Note for Windows users: On Windows the -rpath feature as used by Stan Math to hardcode an absolute path to a dynamically loaded library does not work. On Windows the Intel TBB dynamic library tbb.dll is located in the math/lib/tbb directory. The user can choose to copy this file to the same directory of the executable or to add the directory /path/to/math/lib/tbb as absolute path to the system-wide PATH variable.

Intel TBB

math supports the new interface of Intel TBB, can be configured to use an external copy of TBB (e.g., with oneTBB or the system TBB library), using the TBB_LIB and TBB_INC environment variables.

To build the development version of math with oneTBB:

For example, installing oneTBB on Linux 64-bit (x86_64) to $HOME directory (change if needed!):

2 TBB_TAG=$(curl --silent $TBB_RELEASE | grep -Po '"tag_name": "\K.*?(?=")')
5 wget${TBB_VERSION}/oneapi-tbb-${TBB_VERSION}-lin.tgz
6 tar zxvf oneapi-tbb-$TBB_VERSION-lin.tgz -C $HOME
8 export TBB="$HOME/oneapi-tbb-$TBB_VERSION"

Note that you may replace TBB_VERSION=${TBB_TAG#?} with a custom version number if needed ( check available releases here ).

  • Set the TBB environment variables (specifically: TBB for the installation prefix, TBB_INC for the directory that includes the header files, and TBB_LIB for the libraries directory).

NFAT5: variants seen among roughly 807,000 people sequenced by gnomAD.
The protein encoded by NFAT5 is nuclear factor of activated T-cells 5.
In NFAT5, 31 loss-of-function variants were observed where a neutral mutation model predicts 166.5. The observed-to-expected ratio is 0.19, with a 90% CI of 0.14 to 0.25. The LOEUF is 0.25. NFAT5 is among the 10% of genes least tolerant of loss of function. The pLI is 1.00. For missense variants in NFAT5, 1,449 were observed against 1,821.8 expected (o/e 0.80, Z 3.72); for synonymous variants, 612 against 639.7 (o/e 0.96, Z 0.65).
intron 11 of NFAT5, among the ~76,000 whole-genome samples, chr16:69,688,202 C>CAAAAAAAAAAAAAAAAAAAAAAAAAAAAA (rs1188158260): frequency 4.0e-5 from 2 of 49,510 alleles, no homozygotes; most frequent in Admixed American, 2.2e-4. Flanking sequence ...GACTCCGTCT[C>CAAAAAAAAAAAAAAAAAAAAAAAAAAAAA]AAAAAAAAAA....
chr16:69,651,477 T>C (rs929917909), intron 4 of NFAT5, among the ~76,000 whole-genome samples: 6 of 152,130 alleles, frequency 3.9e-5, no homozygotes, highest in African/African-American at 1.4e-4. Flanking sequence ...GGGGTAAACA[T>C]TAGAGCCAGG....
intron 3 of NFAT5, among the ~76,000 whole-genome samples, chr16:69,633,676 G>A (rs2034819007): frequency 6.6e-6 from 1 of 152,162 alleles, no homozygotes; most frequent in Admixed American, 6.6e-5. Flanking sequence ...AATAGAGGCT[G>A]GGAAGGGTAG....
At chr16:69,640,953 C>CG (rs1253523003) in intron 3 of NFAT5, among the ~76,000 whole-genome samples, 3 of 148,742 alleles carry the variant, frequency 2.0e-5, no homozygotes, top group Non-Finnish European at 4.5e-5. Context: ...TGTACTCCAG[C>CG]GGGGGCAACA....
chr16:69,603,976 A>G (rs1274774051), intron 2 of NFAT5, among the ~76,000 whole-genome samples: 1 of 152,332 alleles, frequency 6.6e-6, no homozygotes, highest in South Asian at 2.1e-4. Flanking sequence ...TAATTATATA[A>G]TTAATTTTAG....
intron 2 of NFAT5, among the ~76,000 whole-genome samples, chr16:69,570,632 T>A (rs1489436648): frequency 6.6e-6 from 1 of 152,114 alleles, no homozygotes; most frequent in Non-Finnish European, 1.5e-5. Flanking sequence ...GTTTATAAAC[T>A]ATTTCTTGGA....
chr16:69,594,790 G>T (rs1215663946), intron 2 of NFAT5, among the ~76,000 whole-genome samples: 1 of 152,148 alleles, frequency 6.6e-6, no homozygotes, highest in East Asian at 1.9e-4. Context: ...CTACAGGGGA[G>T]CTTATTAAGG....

For example, installing oneTBB on Linux 64-bit (x86_64) to $HOME directory (change if needed!):

1 source $TBB/env/ intel64
3 export TBB_INC="$TBB/include"
4 export TBB_LIB="$TBB/lib/intel64/gcc4.8"
  • Set Stan local compiler flags to use the new TBB interface:
    1 mkdir -p ~/.config/stan
    2 echo TBB_INTERFACE_NEW=true>> ~/.config/stan/make.local


The above example will use the default compiler of the system as determined by make. On Linux this is usually g++, on MacOS clang++, and for Windows this is g++ if the RTools for Windows are used. There's nothing special about any of these and they can be changed through the CXX variable of make. The recommended way to set this variable for the Stan Math library is by creating a make/local file within the Stan Math library directory. Defining CXX=g++ in this file will ensure that the GNU C++ compiler is always used, for example. The compiler must be able to fully support C++11 and partially the C++14 standard. The g++ 4.9.3 version part of RTools for Windows currently defines the minimal C++ feature set required by the Stan Math library.

Note that whenever the compiler is changed, the user usually must clean and rebuild all binary dependencies with the commands:

1 > make -f path/to/stan-math/make/standalone math-clean
2 > make -j4 -f path/to/stan-math/make/standalone math-libs

This ensures that the binary dependencies are created with the new compiler.